PAPERS, 1809-18, 1857, 1885-1987
BULK DATES: 1917-25, 1942-85
The papers of William Edwards Stevenson (1900-85) and his wife Eleanor Bumstead Stevenson (1902-87) document the joint public service careers of the Stevensons over a forty-five year period. Correspondence with their families (1917-25) and with each other (1924-25), as well as genealogical records such as diaries, wills, and marriage certificates, bring to light the privileged New England childhoods and family relationships which fostered their social ideals. The arrangement of the Stevensons' papers into two subgroups--the papers of William E. Stevenson and the papers of Eleanor B. Stevenson--does not diminish the collaborative nature of the couple's work. Correspondence addressed to "Bill and Bumpy" (1926-85) has been retained with William Stevenson's papers; records of their travels together have not been disturbed; and the bulk of the photographs, clippings, and printed materials relate to both Stevensons. At the same time, separating Eleanor Stevenson's professional correspondence, honors, and writings from the larger body of her husband's papers allows her achievement to be better assessed.
The Stevenson Papers consist of correspondence, photographs, scrapbooks, writings, tape recordings, oral history transcripts, printed materials, honorary medals, plaques, and gifts collected or created by the Stevensons during their youth (1917-25) and during their service in England, North Africa and Italy with the American Red Cross (1942-45); at Oberlin College, where Stevenson was President (1946-59); in the Philippines, where he served as American Ambassador (1961-64); at the Aspen Institute for Humanistic Study, where he moderated the Executive Seminar and served as President (1967-70); in government service on various committees; and in retirement in Colorado and Florida (1970-87).
The collection has been divided into two subgroups: I. The William Edwards Stevenson Papers, and II. The Eleanor B. Stevenson Papers. Within subgroups, the papers have been divided into series alphabetically arranged. Subgroup I includes the following series: 1. Correspondence; 2. Genealogical Records and Family History; 3. Honors, Awards, and Gifts; 4. Miscellaneous Professional Papers; 5. Oral History Interviews and Tape Recordings; 6. Photographs; 7. Scrapbooks and Guestbooks; 8. Travel Files; and 9. Writings of William E. Stevenson. Subgroup II includes the following series: 1. Correspondence; 2. Diaries and Early Writings; 3. Genealogical Records; 4. Honors and Miscellaneous Personal Papers; 5. Writings of Eleanor B. Stevenson, and 6. Photographs. Within each series, materials are typically arranged alphabetically or chronologically.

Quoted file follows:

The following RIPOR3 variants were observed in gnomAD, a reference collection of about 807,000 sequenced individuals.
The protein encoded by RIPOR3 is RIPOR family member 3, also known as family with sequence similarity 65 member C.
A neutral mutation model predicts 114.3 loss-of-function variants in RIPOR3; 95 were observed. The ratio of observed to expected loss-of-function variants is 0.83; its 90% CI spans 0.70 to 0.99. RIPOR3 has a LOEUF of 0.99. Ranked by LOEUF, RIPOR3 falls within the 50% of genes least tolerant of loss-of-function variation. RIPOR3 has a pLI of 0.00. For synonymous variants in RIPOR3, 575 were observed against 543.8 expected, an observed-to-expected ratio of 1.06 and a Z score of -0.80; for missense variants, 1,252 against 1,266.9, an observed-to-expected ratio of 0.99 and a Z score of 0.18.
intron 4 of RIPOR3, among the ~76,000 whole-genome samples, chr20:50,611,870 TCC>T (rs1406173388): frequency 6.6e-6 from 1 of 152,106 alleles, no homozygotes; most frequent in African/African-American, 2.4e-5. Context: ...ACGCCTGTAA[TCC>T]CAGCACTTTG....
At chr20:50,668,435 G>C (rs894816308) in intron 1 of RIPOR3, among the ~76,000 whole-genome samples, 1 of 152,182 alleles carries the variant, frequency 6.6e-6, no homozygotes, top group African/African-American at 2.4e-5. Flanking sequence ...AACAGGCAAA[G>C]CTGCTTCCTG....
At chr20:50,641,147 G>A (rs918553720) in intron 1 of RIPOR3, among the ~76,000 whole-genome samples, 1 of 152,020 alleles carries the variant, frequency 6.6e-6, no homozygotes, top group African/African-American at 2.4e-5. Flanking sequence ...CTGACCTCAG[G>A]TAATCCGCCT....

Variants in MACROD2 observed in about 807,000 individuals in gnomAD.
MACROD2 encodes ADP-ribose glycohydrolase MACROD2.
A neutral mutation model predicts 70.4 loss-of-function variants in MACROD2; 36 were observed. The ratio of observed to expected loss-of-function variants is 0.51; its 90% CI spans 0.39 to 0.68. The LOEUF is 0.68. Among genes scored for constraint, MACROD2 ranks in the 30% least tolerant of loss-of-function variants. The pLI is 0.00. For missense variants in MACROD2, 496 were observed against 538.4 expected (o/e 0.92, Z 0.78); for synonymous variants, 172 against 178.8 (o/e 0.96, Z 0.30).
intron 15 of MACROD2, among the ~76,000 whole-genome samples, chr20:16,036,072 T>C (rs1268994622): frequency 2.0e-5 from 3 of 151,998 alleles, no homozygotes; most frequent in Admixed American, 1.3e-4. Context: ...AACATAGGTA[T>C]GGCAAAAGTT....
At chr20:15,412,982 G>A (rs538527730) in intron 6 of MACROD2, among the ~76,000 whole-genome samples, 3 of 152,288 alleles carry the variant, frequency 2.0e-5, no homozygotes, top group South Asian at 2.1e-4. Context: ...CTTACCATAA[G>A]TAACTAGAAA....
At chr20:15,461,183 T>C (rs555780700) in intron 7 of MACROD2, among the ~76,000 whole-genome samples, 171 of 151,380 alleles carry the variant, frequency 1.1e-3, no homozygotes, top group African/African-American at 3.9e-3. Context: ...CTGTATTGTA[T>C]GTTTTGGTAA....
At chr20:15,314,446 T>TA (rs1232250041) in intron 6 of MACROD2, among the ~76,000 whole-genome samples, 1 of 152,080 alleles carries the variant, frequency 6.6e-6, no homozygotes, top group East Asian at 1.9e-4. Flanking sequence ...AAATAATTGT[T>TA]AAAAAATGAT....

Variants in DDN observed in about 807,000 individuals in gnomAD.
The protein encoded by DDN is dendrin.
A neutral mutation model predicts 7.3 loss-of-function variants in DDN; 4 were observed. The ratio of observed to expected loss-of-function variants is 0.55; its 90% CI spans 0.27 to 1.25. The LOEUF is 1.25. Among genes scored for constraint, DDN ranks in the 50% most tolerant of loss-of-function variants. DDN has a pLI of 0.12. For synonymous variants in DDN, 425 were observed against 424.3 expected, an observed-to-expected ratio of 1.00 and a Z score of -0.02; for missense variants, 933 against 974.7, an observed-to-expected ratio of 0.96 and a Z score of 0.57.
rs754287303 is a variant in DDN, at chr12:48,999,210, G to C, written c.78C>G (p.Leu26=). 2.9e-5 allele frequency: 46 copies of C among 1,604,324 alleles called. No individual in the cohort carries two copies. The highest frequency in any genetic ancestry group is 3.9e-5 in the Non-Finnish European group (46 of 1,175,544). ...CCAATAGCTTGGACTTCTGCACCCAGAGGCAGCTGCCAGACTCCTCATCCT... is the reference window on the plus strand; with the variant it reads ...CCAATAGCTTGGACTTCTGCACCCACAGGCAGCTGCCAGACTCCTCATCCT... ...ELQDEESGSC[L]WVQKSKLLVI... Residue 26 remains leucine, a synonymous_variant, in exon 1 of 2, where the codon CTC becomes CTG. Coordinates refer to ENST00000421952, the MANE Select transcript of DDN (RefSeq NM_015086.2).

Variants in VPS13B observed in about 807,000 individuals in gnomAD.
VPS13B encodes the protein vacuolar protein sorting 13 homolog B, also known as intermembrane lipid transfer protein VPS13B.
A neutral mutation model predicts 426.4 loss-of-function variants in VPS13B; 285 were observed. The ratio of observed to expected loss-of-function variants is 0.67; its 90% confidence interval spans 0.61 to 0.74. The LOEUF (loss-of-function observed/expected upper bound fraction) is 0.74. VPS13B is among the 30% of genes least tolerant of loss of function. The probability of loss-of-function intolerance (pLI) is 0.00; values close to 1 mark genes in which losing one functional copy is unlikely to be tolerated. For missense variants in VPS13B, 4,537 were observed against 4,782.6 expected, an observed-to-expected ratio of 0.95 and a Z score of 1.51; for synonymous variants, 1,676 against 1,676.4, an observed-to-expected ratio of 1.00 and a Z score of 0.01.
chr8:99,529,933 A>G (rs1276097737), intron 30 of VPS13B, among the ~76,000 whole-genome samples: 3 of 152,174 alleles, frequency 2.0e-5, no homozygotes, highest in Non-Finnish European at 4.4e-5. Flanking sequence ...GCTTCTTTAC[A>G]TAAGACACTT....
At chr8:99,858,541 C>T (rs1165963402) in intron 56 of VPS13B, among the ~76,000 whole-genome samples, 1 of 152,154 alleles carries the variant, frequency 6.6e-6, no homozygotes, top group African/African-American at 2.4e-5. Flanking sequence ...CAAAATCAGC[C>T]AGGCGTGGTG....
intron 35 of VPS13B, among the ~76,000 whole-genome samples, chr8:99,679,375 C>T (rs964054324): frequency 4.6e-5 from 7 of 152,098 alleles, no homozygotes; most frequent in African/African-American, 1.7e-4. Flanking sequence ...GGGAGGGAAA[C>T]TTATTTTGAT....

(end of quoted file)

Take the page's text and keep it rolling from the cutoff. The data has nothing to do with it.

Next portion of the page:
The phases of William Stevenson's career least well documented by the papers are his legal career in New York (1925-42, 1945-46) and his work as leader of the Executive Seminar at the Aspen Institute (1967-70) and as the institute's President (1969-70). Little documentation exists of Stevenson's work as an Assistant U.S. Attorney for the Southern District of New York (1925-27), his employment with the firm of Davis Polk (1927-31), and his fourteen years with the firm he co-founded, Debevoise Stevenson (1931-42, 1945-46). Papers from this period (1925-42, 1945-46) include Stevenson's 1925 letter of appointment as Assistant U.S. Attorney; his 1927 certificate of admission to practice in the courts of New York as an Attorney and Counsellor; a series of briefs (1925, 1928-30, 1941, 1945-46); an unbound scrapbook of clippings (1926-27) relating to the cases Stevenson prosecuted under U.S. Attorney Emory Buckner; and three volumes of hearing transcripts (1946). These records are housed in Series 4, Miscellaneous Professional Papers. Papers relating to Stevenson's work for the Aspen Institute include photographs and thank-you letters from business leaders who attended the Executive Seminar.